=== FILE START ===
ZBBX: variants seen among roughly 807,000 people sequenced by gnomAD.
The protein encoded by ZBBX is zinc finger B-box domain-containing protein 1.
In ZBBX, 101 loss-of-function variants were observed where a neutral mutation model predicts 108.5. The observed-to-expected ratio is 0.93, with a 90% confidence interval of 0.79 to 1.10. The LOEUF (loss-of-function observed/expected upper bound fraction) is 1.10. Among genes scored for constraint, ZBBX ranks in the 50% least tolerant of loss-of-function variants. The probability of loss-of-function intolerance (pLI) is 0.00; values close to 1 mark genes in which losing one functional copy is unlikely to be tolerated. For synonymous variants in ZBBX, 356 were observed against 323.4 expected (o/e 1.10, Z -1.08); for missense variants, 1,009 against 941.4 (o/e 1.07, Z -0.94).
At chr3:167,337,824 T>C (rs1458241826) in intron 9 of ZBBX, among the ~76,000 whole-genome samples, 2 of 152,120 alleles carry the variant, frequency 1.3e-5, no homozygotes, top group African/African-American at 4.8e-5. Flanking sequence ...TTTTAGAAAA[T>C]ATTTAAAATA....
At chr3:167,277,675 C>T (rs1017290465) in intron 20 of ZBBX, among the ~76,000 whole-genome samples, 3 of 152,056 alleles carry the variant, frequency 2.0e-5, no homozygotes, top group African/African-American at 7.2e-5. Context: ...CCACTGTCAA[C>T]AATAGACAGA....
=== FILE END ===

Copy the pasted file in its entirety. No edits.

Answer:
ZBBX: variants seen among roughly 807,000 people sequenced by gnomAD.
The protein encoded by ZBBX is zinc finger B-box domain-containing protein 1.
In ZBBX, 101 loss-of-function variants were observed where a neutral mutation model predicts 108.5. The observed-to-expected ratio is 0.93, with a 90% confidence interval of 0.79 to 1.10. The LOEUF (loss-of-function observed/expected upper bound fraction) is 1.10. Among genes scored for constraint, ZBBX ranks in the 50% least tolerant of loss-of-function variants. The probability of loss-of-function intolerance (pLI) is 0.00; values close to 1 mark genes in which losing one functional copy is unlikely to be tolerated. For synonymous variants in ZBBX, 356 were observed against 323.4 expected (o/e 1.10, Z -1.08); for missense variants, 1,009 against 941.4 (o/e 1.07, Z -0.94).
At chr3:167,337,824 T>C (rs1458241826) in intron 9 of ZBBX, among the ~76,000 whole-genome samples, 2 of 152,120 alleles carry the variant, frequency 1.3e-5, no homozygotes, top group African/African-American at 4.8e-5. Flanking sequence ...TTTTAGAAAA[T>C]ATTTAAAATA....
At chr3:167,277,675 C>T (rs1017290465) in intron 20 of ZBBX, among the ~76,000 whole-genome samples, 3 of 152,056 alleles carry the variant, frequency 2.0e-5, no homozygotes, top group African/African-American at 7.2e-5. Context: ...CCACTGTCAA[C>T]AATAGACAGA....